Genesis 6:2 MEANING

Genesis 6:2
(2) The sons of God. . . . --The literal translation of this verse is, And the sons of the Elohim saw the daughters of the adam that they were good (beautiful); and they took to them wives whomsoever they chose. Of the sons of the Elohim there are three principal interpretations: the first, that of the Targums and the chief Jewish expositors, that they were the nobles, and men of high rank; the second, that they were angels. St. Jude, Jude 1:6, and St. Peter, 2 Ep., 2 Peter 2:4, seem to favour this interpretation, possibly as being the translation of the LXX. according to several MSS. But even if this be their meaning, which is very uncertain, they use it only as an illustration; and a higher authority says that the angels neither marry nor are given in marriage. The third, and most generally accepted interpretation in modern times, is that the sons of the Elohim were the Sethites, and that when they married for mere lust of beauty, universal corruption soon ensued. But no modern commentator has shown how such marriages could produce "mighty men . . . men of renown;" or how strong warriors could be the result of the intermarriage of pious men with women of an inferior race, such as the Cainites are assumed to have been.

The Jewish interpreters, who well understood the uses of their own language, are right in the main point that the phrase "sons of the Elohim" conveys no idea of moral goodness or piety. Elohim constantly means mighty ones (Exodus 15:11, marg.). (Comp. Exodus 12:12, marg., Exodus 21:6; Exodus 22:8-9, where it is translated judges; Exodus 22:28, 1 Samuel 2:25, where also it is translated judge.) In Job 1:6 the "sons of Elohim" are the nobles, the idea being that of a king who at his durbar gathers his princes round him; and, not unnecessarily to multiply examples, the "sons of the Elim," the other form of the plural, is rightly translated mighty ones in Psalm 29:1.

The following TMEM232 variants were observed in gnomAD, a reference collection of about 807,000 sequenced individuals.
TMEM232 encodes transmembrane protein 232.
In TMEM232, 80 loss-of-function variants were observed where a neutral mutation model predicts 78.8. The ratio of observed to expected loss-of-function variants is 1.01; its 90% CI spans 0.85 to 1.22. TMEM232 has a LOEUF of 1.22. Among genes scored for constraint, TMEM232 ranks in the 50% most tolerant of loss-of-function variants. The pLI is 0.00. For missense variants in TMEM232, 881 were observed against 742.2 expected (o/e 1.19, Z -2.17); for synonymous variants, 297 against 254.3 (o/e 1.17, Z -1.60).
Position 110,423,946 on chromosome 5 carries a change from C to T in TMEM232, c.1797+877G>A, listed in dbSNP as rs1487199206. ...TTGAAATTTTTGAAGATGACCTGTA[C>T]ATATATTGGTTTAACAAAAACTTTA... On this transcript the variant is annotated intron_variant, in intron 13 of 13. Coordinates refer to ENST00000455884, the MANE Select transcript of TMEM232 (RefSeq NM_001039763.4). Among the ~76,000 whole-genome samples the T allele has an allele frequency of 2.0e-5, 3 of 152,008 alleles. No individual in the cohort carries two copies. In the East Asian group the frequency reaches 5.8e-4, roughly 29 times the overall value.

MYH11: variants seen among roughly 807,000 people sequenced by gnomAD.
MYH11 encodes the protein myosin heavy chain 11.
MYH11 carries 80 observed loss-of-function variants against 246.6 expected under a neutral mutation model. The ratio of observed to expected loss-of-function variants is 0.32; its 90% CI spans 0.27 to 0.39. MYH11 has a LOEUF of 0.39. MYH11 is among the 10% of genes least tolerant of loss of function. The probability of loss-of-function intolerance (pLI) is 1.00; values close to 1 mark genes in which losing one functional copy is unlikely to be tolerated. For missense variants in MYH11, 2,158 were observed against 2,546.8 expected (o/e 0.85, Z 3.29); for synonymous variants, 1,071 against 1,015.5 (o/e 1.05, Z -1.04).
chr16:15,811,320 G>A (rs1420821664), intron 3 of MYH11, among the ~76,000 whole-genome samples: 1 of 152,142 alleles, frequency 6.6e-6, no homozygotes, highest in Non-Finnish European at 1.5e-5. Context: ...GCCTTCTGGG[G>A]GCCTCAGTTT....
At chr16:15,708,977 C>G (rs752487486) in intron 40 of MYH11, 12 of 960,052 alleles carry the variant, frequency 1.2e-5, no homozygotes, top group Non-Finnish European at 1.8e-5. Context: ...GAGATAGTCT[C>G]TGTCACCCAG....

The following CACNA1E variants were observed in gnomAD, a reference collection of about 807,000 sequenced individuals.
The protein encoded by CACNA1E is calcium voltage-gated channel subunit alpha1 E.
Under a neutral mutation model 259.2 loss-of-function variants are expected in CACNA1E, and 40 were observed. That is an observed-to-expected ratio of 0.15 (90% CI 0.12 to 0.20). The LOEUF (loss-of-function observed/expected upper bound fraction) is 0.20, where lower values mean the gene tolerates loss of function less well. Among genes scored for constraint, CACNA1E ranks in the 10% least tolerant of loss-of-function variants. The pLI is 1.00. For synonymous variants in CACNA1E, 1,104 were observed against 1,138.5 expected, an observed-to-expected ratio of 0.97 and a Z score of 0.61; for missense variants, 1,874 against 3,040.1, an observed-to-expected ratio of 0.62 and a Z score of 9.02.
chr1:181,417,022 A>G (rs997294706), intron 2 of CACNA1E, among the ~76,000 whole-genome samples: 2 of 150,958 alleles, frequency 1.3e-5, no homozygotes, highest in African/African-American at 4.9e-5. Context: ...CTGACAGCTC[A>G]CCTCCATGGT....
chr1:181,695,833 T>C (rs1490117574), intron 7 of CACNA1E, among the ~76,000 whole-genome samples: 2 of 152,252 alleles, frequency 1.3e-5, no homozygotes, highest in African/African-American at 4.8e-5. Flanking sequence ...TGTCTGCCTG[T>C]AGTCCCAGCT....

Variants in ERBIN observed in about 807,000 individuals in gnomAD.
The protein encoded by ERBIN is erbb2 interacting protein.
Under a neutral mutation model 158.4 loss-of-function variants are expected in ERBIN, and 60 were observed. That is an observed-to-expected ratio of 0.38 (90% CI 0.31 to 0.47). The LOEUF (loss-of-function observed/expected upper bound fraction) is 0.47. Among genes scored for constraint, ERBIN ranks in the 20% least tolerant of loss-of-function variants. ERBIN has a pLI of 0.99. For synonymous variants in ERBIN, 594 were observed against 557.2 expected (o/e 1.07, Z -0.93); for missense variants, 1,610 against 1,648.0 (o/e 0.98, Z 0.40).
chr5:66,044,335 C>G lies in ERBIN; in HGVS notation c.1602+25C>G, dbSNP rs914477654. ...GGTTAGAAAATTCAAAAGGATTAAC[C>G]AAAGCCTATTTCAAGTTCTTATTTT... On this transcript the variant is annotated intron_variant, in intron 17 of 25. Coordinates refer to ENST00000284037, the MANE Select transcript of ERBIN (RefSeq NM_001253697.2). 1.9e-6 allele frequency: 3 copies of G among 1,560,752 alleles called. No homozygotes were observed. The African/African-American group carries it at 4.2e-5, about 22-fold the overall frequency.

Who, then, are these "mighty ones?" Before answering this question, let me call attention to the plain teaching of the narrative as to what is meant by the "daughters of men." It says: "When the adam began to multiply, and daughters were born unto them, the sons of the Elohim saw the daughters of the adam . . . and took them wives," &c. But according to every right rule of interpretation, the "daughters of the adam" in Genesis 6:1 must be the same as the "daughters of the adam" in Genesis 6:2, whom the sons of the Elohim married. Now, it seems undeniable that the adam here spoken of were the Sethites. The phrase occurs in the history of Noah, just after giving his descent from Adam; Cain is absolutely passed over, even in the account of the birth of Seth, who is described as Adam's firstborn, such as legally he was. The corruption described is that of the Sethites; for the Cainites have already been depicted as violent and lustful, and their history has been brought to an end. Moreover, in Genesis 6:3, "the adam with whom God will not always strive" is certainly the family of Seth, who, though the chosen people and possessors of the birthright, are nevertheless described as falling into evil ways; and their utter corruption finally is the result of the depravation of their women by a race superior to themselves in muscular vigour and warlike prowess.